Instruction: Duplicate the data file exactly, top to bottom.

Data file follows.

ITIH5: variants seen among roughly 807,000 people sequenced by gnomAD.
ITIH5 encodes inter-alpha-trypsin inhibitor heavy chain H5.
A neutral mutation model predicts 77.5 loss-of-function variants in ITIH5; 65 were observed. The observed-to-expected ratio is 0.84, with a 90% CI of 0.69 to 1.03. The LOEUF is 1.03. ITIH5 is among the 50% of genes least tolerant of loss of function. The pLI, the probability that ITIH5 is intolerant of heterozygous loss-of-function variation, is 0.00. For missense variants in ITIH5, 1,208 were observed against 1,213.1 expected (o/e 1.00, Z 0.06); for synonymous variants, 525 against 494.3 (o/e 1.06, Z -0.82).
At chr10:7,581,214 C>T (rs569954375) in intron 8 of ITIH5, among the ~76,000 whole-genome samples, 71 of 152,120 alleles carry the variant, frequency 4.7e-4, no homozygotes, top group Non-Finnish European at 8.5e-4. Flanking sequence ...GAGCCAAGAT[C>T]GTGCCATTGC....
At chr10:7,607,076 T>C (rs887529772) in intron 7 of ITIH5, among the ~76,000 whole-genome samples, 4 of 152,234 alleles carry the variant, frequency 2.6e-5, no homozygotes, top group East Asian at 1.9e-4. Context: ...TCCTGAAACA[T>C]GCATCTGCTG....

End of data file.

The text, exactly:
ITIH5: variants seen among roughly 807,000 people sequenced by gnomAD.
ITIH5 encodes inter-alpha-trypsin inhibitor heavy chain H5.
A neutral mutation model predicts 77.5 loss-of-function variants in ITIH5; 65 were observed. The observed-to-expected ratio is 0.84, with a 90% CI of 0.69 to 1.03. The LOEUF is 1.03. ITIH5 is among the 50% of genes least tolerant of loss of function. The pLI, the probability that ITIH5 is intolerant of heterozygous loss-of-function variation, is 0.00. For missense variants in ITIH5, 1,208 were observed against 1,213.1 expected (o/e 1.00, Z 0.06); for synonymous variants, 525 against 494.3 (o/e 1.06, Z -0.82).
At chr10:7,581,214 C>T (rs569954375) in intron 8 of ITIH5, among the ~76,000 whole-genome samples, 71 of 152,120 alleles carry the variant, frequency 4.7e-4, no homozygotes, top group Non-Finnish European at 8.5e-4. Flanking sequence ...GAGCCAAGAT[C>T]GTGCCATTGC....
At chr10:7,607,076 T>C (rs887529772) in intron 7 of ITIH5, among the ~76,000 whole-genome samples, 4 of 152,234 alleles carry the variant, frequency 2.6e-5, no homozygotes, top group East Asian at 1.9e-4. Context: ...TCCTGAAACA[T>C]GCATCTGCTG....